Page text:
At least 20 other species of weevils are known to attack bromeliads in Central and South America. Several related species of weevils have been found in shipments of bromeliads from Neotropical countries, including Metamasius flavopictus (Champion) (Figure 18), Metamasius sellatus Champion (Figure 19), and Metamasius quadrilineatus (Figure 20). Therefore, in addition to managing populations of Metamasius callizona already present in the state, it is necessary to prevent the accidental importation of additional weevil pests. There are two important preventive tactics. Dipping imported plants in insecticides labeled for beetles both before leaving the country of export and after arriving in Florida reduces the risk, although the effect of chemicals on eggs is unknown. However, the most effective preventive tactic is to import only seeds of Neotropical bromeliads.
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This document is EENY161, one of a series of the Entomology and Nematology Department, UF/IFAS Extension. Original publication date October 2000. Revised October 2000, April 2009, February 2016, and April 2016. Visit the EDIS website at http://edis.ifas.ufl.edu. This document is also available on the Featured Creatures website at http://entnemdept.ifas.ufl.edu/creatures/.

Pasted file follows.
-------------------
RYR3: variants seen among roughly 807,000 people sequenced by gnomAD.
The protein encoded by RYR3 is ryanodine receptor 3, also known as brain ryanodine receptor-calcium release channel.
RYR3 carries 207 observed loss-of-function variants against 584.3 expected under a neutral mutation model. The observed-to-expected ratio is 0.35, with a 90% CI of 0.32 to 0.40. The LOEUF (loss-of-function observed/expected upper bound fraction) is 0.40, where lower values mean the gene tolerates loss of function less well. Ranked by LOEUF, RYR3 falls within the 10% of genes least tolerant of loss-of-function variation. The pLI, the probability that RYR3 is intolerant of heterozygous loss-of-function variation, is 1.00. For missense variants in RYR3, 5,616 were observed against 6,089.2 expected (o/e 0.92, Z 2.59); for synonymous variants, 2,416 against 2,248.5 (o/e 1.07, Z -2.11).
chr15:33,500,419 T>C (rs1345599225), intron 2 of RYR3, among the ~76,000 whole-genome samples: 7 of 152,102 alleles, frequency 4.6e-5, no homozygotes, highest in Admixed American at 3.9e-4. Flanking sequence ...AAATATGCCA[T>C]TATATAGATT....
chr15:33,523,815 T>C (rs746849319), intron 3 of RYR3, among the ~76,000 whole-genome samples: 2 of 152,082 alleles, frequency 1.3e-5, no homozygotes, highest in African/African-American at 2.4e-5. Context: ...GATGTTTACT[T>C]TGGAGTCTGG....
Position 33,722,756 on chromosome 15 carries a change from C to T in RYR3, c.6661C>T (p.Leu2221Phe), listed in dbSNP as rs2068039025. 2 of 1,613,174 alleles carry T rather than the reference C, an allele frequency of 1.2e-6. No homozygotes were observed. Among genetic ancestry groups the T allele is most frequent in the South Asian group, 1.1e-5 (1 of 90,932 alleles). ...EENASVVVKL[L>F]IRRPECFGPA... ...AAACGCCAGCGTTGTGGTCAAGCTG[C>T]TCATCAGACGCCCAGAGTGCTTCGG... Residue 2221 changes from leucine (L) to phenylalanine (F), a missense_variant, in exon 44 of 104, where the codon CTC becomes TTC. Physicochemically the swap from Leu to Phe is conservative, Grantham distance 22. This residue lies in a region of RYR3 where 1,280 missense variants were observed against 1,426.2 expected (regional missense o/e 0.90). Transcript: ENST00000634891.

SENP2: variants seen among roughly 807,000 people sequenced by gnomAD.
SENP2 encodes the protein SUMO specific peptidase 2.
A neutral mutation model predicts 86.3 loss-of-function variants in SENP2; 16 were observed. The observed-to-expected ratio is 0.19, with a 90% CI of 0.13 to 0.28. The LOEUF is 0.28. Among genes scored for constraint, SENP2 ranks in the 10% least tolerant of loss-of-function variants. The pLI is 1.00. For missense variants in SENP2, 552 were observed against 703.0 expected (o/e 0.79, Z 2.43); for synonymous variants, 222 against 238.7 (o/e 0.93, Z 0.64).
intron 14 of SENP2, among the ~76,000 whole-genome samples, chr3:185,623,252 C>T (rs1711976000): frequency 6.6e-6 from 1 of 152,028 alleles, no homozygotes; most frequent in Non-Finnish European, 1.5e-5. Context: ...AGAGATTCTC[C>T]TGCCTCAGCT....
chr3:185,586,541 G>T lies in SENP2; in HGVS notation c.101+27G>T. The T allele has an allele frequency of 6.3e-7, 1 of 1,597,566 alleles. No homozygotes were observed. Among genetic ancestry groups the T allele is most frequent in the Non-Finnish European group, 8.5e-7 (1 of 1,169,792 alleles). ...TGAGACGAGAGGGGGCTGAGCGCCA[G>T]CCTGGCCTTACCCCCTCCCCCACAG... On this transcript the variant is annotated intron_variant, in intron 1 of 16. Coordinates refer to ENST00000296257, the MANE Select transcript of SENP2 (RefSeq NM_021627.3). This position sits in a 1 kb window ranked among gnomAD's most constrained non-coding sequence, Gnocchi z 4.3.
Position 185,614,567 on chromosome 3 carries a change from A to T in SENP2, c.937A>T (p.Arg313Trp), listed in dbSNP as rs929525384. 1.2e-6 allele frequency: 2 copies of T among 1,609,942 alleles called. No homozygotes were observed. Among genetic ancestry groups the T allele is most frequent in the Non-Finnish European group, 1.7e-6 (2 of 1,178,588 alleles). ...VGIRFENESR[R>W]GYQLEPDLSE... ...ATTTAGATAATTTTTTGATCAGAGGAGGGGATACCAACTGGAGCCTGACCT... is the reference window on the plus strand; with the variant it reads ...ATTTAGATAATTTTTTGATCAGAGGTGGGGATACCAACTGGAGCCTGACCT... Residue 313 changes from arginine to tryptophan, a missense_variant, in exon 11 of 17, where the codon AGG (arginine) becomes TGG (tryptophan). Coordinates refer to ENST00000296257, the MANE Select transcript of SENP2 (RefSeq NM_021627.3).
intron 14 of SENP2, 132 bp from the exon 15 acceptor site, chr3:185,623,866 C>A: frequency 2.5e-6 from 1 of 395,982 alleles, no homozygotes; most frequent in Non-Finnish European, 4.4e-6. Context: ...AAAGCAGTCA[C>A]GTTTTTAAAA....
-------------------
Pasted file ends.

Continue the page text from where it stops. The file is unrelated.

Barba Larson, Soil and Water Science Department; and J. Howard Frank, retired, Entomology and Nematology Department; UF/IFAS Extension, Gainesville, FL 32611.
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U.S. Department of Agriculture, UF/IFAS Extension Service, University of Florida, IFAS, Florida A & M University Cooperative Extension Program, and Boards of County Commissioners Cooperating. Nick T. Place, dean for UF/IFAS Extension.